Carissa Chua, who is a resident in Bukit Batok single-member constituency (SMC), had publicly called out People’s Action Party’s (PAP) Member of Parliament (MP), Murali Pillai, on his qualification to be the continued MP for her constituency.
Murali won the by-elections in 2016 following the step-down of former PAP MP, David Ong and has been the part-time MP since.
On her Facebook post on Saturday (27 June), she claimed Murali Pillai was “unempathetic” towards her plight in purchasing a Housing Development Board (HDB) flat to stay with her elderly unmarried parents (in their 60s and 70s) and her elderly aunt (in her 80s). They have been residing in rental flats. In Singapore, if one is unmarried, they can only purchase a house when they are 35 years old and under the Joint Singles Scheme, must be co-owned by another Singaporean if they are financially unable to pay for it by themselves.
Ms Chua was in her early twenties and was not qualified; she stated that her parents were old and did not have “sufficient income or sufficient Central Provident Funds to co-own the flat with her as well”.
When she went to Meet-the-People sessions to seek assistance from Mr Pillai, she alleged that he probed into personal questions that seemed to have no relation to her issue (questioning why her parents were not married) before going on to say “that she can only blame her parents for not planning properly”.
The only solution he could offer, according to Ms Chua, was “to get married”. She said she was “close to tears as she tried to justify her situation”. Instead, she said that Mr Pillai asked the grassroots volunteer to escort her out because “this young lady was clearly emotional”.
She has given up on trying to purchase a flat because requests to HDB for assistance were futile too.
She voiced another community issue that she claimed has not been resolved yet since the fire on 1 November 2019, and how it still affects her flat and her neighbours’. Due to the fire taking place in the flat directly above hers, it had “burnt through her drain cover and caused her pipe to leak”. The exteriors of the units on the same floor as the fire are still sooty and can’t be washed out. She recounted that Mr Pillai said he would “have people look into it” but as nothing had been done, they had to repeatedly reach out to the town council but to no avail as well.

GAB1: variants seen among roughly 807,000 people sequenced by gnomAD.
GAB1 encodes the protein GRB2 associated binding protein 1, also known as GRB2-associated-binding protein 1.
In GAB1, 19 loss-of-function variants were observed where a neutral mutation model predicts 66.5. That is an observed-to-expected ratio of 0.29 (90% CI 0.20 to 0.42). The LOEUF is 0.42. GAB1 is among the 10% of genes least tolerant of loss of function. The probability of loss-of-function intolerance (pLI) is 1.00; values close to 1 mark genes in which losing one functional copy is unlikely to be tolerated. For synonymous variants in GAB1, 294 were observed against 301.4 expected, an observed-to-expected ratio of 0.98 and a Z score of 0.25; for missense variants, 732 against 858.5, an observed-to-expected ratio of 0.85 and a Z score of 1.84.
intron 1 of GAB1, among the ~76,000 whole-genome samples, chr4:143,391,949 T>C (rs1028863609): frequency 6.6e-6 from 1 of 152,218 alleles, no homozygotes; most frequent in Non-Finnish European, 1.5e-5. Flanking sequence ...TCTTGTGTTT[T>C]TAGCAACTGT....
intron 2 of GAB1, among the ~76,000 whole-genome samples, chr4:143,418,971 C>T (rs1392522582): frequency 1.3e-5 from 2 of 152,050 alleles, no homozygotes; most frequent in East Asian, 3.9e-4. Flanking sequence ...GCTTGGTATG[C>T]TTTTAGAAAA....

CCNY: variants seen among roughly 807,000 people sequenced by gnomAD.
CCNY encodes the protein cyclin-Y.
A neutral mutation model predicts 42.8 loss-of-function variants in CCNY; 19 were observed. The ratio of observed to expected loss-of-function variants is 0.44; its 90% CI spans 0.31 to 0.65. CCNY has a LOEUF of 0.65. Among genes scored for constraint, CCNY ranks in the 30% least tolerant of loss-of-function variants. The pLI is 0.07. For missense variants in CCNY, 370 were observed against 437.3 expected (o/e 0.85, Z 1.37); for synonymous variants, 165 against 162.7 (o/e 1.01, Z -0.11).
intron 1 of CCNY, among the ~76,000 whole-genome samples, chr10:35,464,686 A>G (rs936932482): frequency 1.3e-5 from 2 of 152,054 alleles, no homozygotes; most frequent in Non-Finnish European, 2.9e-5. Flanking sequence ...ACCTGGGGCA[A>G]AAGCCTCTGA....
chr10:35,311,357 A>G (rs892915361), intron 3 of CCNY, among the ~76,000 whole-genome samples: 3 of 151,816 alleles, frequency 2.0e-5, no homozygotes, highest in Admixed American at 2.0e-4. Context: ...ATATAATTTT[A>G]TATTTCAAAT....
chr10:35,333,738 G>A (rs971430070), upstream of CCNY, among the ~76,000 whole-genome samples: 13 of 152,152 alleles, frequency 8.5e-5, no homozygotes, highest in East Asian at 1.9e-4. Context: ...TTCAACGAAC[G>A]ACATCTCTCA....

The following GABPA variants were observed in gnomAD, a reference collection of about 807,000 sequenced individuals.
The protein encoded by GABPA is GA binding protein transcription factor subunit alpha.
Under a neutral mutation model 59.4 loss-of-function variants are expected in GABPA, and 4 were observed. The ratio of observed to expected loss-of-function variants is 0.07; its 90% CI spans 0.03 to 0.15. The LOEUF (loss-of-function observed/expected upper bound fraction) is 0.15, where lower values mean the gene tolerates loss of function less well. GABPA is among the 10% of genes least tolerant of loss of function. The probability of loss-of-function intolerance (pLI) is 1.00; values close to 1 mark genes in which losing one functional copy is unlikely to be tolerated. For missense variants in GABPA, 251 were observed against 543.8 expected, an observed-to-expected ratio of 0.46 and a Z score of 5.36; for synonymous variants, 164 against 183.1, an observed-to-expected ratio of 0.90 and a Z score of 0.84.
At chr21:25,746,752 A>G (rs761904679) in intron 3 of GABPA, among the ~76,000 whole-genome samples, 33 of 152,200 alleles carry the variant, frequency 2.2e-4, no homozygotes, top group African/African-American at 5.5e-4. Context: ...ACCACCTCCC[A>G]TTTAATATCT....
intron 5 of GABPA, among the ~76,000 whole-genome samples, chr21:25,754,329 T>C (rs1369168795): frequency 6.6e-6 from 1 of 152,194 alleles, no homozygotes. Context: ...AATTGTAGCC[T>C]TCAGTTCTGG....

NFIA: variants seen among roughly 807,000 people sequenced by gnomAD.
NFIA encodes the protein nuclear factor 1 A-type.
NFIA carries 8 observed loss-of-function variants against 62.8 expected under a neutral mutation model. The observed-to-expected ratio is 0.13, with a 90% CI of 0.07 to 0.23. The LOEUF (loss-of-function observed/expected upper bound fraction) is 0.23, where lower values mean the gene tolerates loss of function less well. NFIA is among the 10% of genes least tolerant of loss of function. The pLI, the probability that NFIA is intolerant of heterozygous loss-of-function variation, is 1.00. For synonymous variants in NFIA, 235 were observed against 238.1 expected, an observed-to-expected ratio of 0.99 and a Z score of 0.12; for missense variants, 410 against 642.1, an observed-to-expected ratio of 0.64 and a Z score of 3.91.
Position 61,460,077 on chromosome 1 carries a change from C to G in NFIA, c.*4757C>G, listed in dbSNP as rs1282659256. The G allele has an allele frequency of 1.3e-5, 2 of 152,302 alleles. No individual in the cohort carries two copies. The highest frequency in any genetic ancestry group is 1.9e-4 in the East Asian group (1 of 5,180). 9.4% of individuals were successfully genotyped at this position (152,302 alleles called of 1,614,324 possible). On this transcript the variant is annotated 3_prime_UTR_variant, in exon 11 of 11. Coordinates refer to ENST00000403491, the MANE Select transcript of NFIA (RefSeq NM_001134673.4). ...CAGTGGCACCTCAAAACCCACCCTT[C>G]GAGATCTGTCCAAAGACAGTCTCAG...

In her concluding paragraph, she asked “how she should feel as a resident in an SMC where Mr Pillai is her representative, (as he) doesn’t seem to empathise with (them) and only delivers empty promises”.
On Sunday (28 June), Mr Pillai posted a response to Ms Chua’s post to her experience with him “some years back”.
He stated that “the purpose of (his) call was to understand her present situation and to find out how (he) can help her and her family”, and not the experience Ms Chua claimed she had with Mr Pillai. He also assured her that the talk was not for her to “change her opinion of (him)”.
Mr Pillai ended the post with the appreciation of the “opportunity” (she has afforded him) to assist her”, and stated that “they have also mutually agreed to keep the details of her case confidential”. Thus, since this would be settled privately, Mr Pillai implored “everyone to respect her privacy”. Her post has since been taken down.
This was not the only issue that has been raised in the wake of the imminent General Elections (GE).
Chee Soon Juan, secretary-general of the Singapore Democratic Party (SDP), questioned the lack of fulfillment and delays in Mr Pillai’s SMC projects. He and Mr Pillai are contesting in Bukit Batok SMC in the GE 2020 as they did in the 2016 by-elections as well.
On Thursday (25 June), Mr Chee took to Facebook and posted a series of photos of signboards carrying notices and announcements about projects such as the “Neighbourhood Renewal Programme” and “Revitalisation of Shops”.
He compared timelines and deadlines of these projects with the stages of completion that are actually taking place in the SMC, two of which he said have carried a delay of three years.
He also talked about uncompleted construction works that are unsafe and hazardous. “They are left unfenced and uncovered; not only are these safety lapses an eyesore, (but) more importantly, it also poses a safety hazard (and) should be quickly rectified”.
Four days after Mr Chee’s post, the areas in question were properly cordoned off when he went back, even though it has always been in the “most crowded spot in Bukit Batok with a wet market and a huge hawker centre”, Mr Chee added.
“The people elect you to run the estate, you collect the $16k/month salary, (but) out-source the work to a managing agent and then make the people pay for it. Someone please explain the logic to me,” the secretary-general of SDP commented.
“This is what I mean when I say that MPs must go full-time. It’s impossible to give your 100% if you spend all your time on your day job”, he added.
He ended the post stating that many “responsibilities will be entrusted to (an elected MP) – running the Town Council, looking after the estate especially the residents’ safety and wellbeing, representing them in Parliament, fostering a strong community and protecting the vulnerable”, and that it is something he can do as Bukit Batok’s MP.